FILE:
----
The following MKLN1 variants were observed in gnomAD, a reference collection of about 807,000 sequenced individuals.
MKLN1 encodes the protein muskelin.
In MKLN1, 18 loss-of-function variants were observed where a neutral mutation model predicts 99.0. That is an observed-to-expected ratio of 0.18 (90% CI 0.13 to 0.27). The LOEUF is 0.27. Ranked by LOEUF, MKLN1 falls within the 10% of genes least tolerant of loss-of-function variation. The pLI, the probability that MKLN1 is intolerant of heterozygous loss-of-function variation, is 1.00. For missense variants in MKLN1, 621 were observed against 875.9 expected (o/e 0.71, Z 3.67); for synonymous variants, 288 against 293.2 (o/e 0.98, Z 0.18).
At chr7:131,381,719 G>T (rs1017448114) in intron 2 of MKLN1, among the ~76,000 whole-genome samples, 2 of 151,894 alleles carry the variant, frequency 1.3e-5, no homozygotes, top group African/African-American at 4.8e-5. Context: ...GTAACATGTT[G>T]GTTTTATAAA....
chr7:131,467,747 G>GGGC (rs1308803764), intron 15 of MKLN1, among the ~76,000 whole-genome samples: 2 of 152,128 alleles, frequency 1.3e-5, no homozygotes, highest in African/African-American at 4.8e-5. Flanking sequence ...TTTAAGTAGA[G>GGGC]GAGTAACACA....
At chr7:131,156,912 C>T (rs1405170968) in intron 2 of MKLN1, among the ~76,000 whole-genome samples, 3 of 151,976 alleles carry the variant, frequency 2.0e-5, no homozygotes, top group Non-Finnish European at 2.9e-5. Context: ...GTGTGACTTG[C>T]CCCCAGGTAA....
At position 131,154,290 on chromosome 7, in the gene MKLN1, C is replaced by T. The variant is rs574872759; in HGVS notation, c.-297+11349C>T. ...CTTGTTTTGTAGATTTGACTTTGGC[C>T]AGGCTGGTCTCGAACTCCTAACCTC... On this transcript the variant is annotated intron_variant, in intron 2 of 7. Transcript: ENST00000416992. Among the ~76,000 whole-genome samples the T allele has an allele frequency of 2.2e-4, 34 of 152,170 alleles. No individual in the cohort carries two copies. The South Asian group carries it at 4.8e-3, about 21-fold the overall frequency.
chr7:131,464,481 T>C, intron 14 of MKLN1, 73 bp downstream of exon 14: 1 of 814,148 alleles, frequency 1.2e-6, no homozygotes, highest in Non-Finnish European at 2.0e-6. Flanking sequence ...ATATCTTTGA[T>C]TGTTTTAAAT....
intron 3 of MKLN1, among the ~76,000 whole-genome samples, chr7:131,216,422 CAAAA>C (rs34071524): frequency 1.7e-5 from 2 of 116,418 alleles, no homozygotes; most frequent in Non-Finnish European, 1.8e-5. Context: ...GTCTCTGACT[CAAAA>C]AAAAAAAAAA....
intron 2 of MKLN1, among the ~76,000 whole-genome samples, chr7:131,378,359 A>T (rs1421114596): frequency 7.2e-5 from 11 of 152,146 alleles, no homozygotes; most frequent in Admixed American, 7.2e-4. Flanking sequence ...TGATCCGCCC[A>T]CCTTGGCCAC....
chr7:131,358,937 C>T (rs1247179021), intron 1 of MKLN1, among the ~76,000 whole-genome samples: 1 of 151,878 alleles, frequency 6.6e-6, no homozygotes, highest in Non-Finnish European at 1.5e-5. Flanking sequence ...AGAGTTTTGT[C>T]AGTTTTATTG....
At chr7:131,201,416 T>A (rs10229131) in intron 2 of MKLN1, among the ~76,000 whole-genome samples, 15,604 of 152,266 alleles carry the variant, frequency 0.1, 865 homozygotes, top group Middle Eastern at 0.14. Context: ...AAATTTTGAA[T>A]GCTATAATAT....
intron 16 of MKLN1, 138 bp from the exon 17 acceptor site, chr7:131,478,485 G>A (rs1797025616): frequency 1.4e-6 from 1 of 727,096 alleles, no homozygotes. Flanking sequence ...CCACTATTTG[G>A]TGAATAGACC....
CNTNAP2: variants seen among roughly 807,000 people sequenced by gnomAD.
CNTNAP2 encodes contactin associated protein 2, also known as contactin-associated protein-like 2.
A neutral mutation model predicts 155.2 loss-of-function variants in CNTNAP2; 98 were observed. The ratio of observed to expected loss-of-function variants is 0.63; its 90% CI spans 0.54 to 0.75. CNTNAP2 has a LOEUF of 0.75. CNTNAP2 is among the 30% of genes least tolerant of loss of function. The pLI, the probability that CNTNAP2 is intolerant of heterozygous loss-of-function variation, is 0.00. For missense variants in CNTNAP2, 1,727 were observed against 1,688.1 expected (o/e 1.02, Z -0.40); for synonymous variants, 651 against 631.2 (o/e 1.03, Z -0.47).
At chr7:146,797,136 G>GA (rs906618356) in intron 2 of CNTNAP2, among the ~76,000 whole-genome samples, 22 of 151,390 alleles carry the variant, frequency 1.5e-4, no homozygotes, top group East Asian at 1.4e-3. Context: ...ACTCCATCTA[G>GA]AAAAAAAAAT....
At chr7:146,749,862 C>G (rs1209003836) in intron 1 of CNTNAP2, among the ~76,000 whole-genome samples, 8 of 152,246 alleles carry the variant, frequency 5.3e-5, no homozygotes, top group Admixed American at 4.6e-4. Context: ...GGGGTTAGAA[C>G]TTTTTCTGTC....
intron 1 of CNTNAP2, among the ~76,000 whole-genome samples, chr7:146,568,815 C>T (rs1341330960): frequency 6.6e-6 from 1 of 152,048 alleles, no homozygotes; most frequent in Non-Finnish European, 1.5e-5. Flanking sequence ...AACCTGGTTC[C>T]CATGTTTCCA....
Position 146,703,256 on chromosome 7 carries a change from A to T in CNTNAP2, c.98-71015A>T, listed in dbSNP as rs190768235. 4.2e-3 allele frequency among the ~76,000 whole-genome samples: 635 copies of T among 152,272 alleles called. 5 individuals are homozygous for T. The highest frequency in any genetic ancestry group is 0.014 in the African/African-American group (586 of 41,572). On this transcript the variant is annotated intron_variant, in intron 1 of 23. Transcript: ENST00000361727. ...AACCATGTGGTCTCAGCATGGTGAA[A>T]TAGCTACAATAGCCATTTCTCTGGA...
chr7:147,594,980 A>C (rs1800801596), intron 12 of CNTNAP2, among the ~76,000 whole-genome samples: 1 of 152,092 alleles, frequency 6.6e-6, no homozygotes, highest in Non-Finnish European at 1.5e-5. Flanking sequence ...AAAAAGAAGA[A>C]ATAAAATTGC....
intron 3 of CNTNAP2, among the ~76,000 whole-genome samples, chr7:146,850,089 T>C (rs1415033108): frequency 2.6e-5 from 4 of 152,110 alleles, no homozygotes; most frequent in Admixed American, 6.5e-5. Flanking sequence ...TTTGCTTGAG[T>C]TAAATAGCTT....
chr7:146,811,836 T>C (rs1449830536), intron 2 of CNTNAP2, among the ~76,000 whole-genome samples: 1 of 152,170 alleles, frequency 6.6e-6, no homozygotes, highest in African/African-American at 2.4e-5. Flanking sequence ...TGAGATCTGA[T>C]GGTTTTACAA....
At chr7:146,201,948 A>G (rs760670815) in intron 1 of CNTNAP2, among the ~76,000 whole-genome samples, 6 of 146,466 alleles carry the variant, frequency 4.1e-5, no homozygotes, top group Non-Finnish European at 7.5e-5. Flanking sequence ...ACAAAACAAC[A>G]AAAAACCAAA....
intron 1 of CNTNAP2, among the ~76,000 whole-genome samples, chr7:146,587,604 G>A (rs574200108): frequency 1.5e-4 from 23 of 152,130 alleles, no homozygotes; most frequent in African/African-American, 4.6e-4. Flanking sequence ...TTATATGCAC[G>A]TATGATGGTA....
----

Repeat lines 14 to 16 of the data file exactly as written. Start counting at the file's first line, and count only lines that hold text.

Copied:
CNTNAP2: variants seen among roughly 807,000 people sequenced by gnomAD.
CNTNAP2 encodes contactin associated protein 2, also known as contactin-associated protein-like 2.
A neutral mutation model predicts 155.2 loss-of-function variants in CNTNAP2; 98 were observed. The ratio of observed to expected loss-of-function variants is 0.63; its 90% CI spans 0.54 to 0.75. CNTNAP2 has a LOEUF of 0.75. CNTNAP2 is among the 30% of genes least tolerant of loss of function. The pLI, the probability that CNTNAP2 is intolerant of heterozygous loss-of-function variation, is 0.00. For missense variants in CNTNAP2, 1,727 were observed against 1,688.1 expected (o/e 1.02, Z -0.40); for synonymous variants, 651 against 631.2 (o/e 1.03, Z -0.47).